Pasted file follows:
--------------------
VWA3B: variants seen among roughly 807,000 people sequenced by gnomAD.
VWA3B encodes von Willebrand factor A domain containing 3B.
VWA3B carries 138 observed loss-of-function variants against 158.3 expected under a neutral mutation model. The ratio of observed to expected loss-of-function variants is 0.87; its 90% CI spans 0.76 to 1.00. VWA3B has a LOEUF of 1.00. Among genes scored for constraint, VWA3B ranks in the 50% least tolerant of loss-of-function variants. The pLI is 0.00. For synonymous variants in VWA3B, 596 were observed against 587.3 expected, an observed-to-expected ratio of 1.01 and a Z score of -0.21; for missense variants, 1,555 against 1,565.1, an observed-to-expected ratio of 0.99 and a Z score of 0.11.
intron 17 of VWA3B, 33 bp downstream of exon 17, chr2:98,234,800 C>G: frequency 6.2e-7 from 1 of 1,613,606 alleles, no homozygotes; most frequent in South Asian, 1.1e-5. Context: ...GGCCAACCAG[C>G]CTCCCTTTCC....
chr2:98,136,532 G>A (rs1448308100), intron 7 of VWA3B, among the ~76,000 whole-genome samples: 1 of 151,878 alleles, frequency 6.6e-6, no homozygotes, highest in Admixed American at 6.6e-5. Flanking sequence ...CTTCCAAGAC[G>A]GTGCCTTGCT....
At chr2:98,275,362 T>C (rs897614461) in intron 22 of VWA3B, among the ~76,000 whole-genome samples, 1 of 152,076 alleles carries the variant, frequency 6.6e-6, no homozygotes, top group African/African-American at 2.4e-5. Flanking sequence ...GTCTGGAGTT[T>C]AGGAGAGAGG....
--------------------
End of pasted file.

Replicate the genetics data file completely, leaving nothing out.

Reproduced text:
VWA3B: variants seen among roughly 807,000 people sequenced by gnomAD.
VWA3B encodes von Willebrand factor A domain containing 3B.
VWA3B carries 138 observed loss-of-function variants against 158.3 expected under a neutral mutation model. The ratio of observed to expected loss-of-function variants is 0.87; its 90% CI spans 0.76 to 1.00. VWA3B has a LOEUF of 1.00. Among genes scored for constraint, VWA3B ranks in the 50% least tolerant of loss-of-function variants. The pLI is 0.00. For synonymous variants in VWA3B, 596 were observed against 587.3 expected, an observed-to-expected ratio of 1.01 and a Z score of -0.21; for missense variants, 1,555 against 1,565.1, an observed-to-expected ratio of 0.99 and a Z score of 0.11.
intron 17 of VWA3B, 33 bp downstream of exon 17, chr2:98,234,800 C>G: frequency 6.2e-7 from 1 of 1,613,606 alleles, no homozygotes; most frequent in South Asian, 1.1e-5. Context: ...GGCCAACCAG[C>G]CTCCCTTTCC....
chr2:98,136,532 G>A (rs1448308100), intron 7 of VWA3B, among the ~76,000 whole-genome samples: 1 of 151,878 alleles, frequency 6.6e-6, no homozygotes, highest in Admixed American at 6.6e-5. Flanking sequence ...CTTCCAAGAC[G>A]GTGCCTTGCT....
At chr2:98,275,362 T>C (rs897614461) in intron 22 of VWA3B, among the ~76,000 whole-genome samples, 1 of 152,076 alleles carries the variant, frequency 6.6e-6, no homozygotes, top group African/African-American at 2.4e-5. Flanking sequence ...GTCTGGAGTT[T>C]AGGAGAGAGG....